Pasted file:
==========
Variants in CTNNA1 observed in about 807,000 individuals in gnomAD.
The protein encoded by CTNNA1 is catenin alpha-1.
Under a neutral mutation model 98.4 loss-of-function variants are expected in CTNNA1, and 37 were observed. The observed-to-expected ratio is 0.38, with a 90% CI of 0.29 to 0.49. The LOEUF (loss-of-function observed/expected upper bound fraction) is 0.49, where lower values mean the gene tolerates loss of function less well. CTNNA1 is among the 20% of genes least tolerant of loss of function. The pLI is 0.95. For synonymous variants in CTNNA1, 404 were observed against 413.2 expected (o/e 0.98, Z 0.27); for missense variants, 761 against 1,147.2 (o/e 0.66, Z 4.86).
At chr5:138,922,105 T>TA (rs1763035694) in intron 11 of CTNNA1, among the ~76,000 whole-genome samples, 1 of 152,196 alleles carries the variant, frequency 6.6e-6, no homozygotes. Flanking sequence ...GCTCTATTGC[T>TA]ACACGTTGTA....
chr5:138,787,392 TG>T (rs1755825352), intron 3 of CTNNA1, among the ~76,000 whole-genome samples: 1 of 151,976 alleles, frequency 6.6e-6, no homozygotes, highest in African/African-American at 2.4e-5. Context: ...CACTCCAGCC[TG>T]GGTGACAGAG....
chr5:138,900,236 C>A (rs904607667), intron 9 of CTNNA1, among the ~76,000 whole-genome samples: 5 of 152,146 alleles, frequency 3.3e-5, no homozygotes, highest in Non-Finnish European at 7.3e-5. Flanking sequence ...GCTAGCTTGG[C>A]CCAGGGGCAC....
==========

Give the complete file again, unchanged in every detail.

Variants in CTNNA1 observed in about 807,000 individuals in gnomAD.
The protein encoded by CTNNA1 is catenin alpha-1.
Under a neutral mutation model 98.4 loss-of-function variants are expected in CTNNA1, and 37 were observed. The observed-to-expected ratio is 0.38, with a 90% CI of 0.29 to 0.49. The LOEUF (loss-of-function observed/expected upper bound fraction) is 0.49, where lower values mean the gene tolerates loss of function less well. CTNNA1 is among the 20% of genes least tolerant of loss of function. The pLI is 0.95. For synonymous variants in CTNNA1, 404 were observed against 413.2 expected (o/e 0.98, Z 0.27); for missense variants, 761 against 1,147.2 (o/e 0.66, Z 4.86).
At chr5:138,922,105 T>TA (rs1763035694) in intron 11 of CTNNA1, among the ~76,000 whole-genome samples, 1 of 152,196 alleles carries the variant, frequency 6.6e-6, no homozygotes. Flanking sequence ...GCTCTATTGC[T>TA]ACACGTTGTA....
chr5:138,787,392 TG>T (rs1755825352), intron 3 of CTNNA1, among the ~76,000 whole-genome samples: 1 of 151,976 alleles, frequency 6.6e-6, no homozygotes, highest in African/African-American at 2.4e-5. Context: ...CACTCCAGCC[TG>T]GGTGACAGAG....
chr5:138,900,236 C>A (rs904607667), intron 9 of CTNNA1, among the ~76,000 whole-genome samples: 5 of 152,146 alleles, frequency 3.3e-5, no homozygotes, highest in Non-Finnish European at 7.3e-5. Flanking sequence ...GCTAGCTTGG[C>A]CCAGGGGCAC....